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Licko-senjska zupanija
Licko-senjska zupanija

Licko-Senjska Zupanija, located in the southern portion of Croatia, is one of the country's 20 integral units. The county borders Bosnia and Herzegovina to the northeast, while to the south, the Adriatic Sea encompasses its beaches. Additionally, the northern fraction of Pag Island is part of the Lika-Senj County as well.[13] The county's name partially derives from the historical region of Lika, which stretched across the local territory. Lika lands have been inhabited since prehistoric times, while during ancient eras, the territory was part of the Roman Empire.[1] The capital city, then and also now, is Gospić, located in the central southern region of the county. Gospić bears a particular connection to inventor Nikola Tesla, who was born in Lika. Thus, in the city, people can visit Nikola Tesla Memorial Center.[8] Another considerable municipality is Senj, found on the shores of the Adriatic Sea. Senj is a holiday destination, not only for its sea access but also for its historical landmarks, such as the Nehaj Fortress.[12] Nevertheless, Licko-Senjska Zupanija is presumably known the best for the Plitvice Lakes National Park, which is the oldest and most extensive national protected area in Croatia.[11] 

What Licko-senjska zupanija is known for

Gospić is the capital city of Lika-Senj County, located in the central southern part of its territory. The city bears a particular connection to the physicist and inventor Nikola Tesla, known for his contribution to the design of alternating current systems.[7] In the city of Gospić, people can visit the Nikola Tesla Memorial Center, which was established in honor of the inventor that was born in the Lika region. The Lika Gospić Museum has been actively involved in preserving cultural heritage for several years. The entire Memorial Area was recognized as a cultural monument in 1976. To commemorate Tesla's 130th birthday anniversary, his birth home was reconstructed with support from the Croatian Parliament, and it was subsequently handed over to the Lika Gospić Museum in 1986 to operate as a museum building. In 2005, the Nikola Tesla Memorial Site was officially registered as a cultural asset and included in the Register of Cultural Heritage of the Republic of Croatia.[8] Additionally, in the city is also located Nikola Tesla Square, and annually, on July 10th, a laser show is held to celebrate the birthday of the inventor.[9]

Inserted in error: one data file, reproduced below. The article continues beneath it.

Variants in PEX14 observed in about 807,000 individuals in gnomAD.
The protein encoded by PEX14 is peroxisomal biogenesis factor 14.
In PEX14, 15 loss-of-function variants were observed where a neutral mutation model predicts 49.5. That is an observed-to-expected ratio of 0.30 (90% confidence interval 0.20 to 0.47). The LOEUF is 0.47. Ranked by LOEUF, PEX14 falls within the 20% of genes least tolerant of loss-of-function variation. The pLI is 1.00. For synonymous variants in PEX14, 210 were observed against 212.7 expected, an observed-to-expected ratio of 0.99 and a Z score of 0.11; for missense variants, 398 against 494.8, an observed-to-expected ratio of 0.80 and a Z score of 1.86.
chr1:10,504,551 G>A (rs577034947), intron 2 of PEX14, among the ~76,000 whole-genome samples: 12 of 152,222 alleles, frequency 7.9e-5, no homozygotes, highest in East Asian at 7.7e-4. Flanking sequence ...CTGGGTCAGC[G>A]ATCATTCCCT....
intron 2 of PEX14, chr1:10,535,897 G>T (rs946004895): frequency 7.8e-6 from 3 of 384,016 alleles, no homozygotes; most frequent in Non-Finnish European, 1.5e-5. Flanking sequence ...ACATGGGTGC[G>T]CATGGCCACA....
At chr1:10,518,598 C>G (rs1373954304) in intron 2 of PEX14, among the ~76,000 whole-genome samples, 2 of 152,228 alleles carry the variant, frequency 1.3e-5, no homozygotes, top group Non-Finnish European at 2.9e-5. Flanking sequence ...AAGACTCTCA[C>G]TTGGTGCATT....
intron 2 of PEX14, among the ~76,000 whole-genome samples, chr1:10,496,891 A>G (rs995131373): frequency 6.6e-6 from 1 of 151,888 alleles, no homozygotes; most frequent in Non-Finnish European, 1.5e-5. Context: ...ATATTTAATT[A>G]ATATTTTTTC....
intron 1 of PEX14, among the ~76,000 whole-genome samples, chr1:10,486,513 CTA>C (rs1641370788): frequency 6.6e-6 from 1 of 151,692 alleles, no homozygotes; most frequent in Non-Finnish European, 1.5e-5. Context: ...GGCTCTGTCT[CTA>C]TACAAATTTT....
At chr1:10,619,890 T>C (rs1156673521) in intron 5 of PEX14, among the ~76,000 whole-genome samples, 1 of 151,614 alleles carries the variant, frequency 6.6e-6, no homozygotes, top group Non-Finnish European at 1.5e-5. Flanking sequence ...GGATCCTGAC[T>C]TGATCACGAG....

In close proximity to Gospić is located the Velebit Nature Park, which is "the largest protected natural object in Croatia." The Velebit mountain range is particularly recognized for its vegetation and ecological significance. It has been designated as a UNESCO biosphere reserve due to its considerable role in preserving biodiversity. The area is home to endangered species, including the Velebit Degenija, Croatian Bellflower, and Brown Bear. The protection of Velebit is also driven by its karst formations and cultural heritage, showcased along educational trails, namely Kudin Most, Zavratnica, and Terezijana. Altogether, there are 14 hiking trails catering to various difficulty levels, ensuring a diverse range of experiences for hikers.[10] However, one of the most well-known nature areas in Lika-Senj County is Plitvice Lakes National Park, which is reportedly the oldest and largest national park in Croatia. The park, spanning nearly 300 km², is characterized by a lake system with 16 lakes and several cascading waterfalls. Visitors can explore the park through seven different routes and enjoy four hiking trails.[11]

The city of Senj—located in the northern part of the county on the shores of the Adriatic Sea—is another touristic destination, particularly popular among those who are seeking beach and sea recreation. However, apart from beaches and watersports, the city features several historical landmarks, such as the Nehaj Fortress, overlooking the waterfront town from a nearby hill. The fortress was built in the 16th century. In today's time, it can be visited either for tours or for the “Nehaj music performances,” which are regularly organized during summer.[12]